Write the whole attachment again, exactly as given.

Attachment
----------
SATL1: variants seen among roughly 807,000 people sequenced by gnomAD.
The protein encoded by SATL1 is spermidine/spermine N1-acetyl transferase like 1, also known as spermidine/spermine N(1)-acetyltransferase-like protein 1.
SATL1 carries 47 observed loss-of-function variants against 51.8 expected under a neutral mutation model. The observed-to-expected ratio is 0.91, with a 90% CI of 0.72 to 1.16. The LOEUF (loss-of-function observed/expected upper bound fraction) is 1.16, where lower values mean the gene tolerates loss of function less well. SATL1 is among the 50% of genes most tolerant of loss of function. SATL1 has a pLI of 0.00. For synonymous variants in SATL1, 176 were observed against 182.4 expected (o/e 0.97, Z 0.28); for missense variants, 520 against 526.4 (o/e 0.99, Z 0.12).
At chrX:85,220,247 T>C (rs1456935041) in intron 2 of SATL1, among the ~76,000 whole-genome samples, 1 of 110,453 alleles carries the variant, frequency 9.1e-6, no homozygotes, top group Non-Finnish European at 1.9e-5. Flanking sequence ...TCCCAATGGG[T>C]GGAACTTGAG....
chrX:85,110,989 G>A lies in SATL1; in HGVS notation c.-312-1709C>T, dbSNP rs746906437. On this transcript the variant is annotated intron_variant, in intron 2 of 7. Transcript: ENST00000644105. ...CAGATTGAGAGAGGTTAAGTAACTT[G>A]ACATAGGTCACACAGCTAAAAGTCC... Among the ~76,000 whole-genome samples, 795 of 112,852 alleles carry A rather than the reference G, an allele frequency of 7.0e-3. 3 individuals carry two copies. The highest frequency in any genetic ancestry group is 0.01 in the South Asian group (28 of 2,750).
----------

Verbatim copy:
SATL1: variants seen among roughly 807,000 people sequenced by gnomAD.
The protein encoded by SATL1 is spermidine/spermine N1-acetyl transferase like 1, also known as spermidine/spermine N(1)-acetyltransferase-like protein 1.
SATL1 carries 47 observed loss-of-function variants against 51.8 expected under a neutral mutation model. The observed-to-expected ratio is 0.91, with a 90% CI of 0.72 to 1.16. The LOEUF (loss-of-function observed/expected upper bound fraction) is 1.16, where lower values mean the gene tolerates loss of function less well. SATL1 is among the 50% of genes most tolerant of loss of function. SATL1 has a pLI of 0.00. For synonymous variants in SATL1, 176 were observed against 182.4 expected (o/e 0.97, Z 0.28); for missense variants, 520 against 526.4 (o/e 0.99, Z 0.12).
At chrX:85,220,247 T>C (rs1456935041) in intron 2 of SATL1, among the ~76,000 whole-genome samples, 1 of 110,453 alleles carries the variant, frequency 9.1e-6, no homozygotes, top group Non-Finnish European at 1.9e-5. Flanking sequence ...TCCCAATGGG[T>C]GGAACTTGAG....
chrX:85,110,989 G>A lies in SATL1; in HGVS notation c.-312-1709C>T, dbSNP rs746906437. On this transcript the variant is annotated intron_variant, in intron 2 of 7. Transcript: ENST00000644105. ...CAGATTGAGAGAGGTTAAGTAACTT[G>A]ACATAGGTCACACAGCTAAAAGTCC... Among the ~76,000 whole-genome samples, 795 of 112,852 alleles carry A rather than the reference G, an allele frequency of 7.0e-3. 3 individuals carry two copies. The highest frequency in any genetic ancestry group is 0.01 in the South Asian group (28 of 2,750).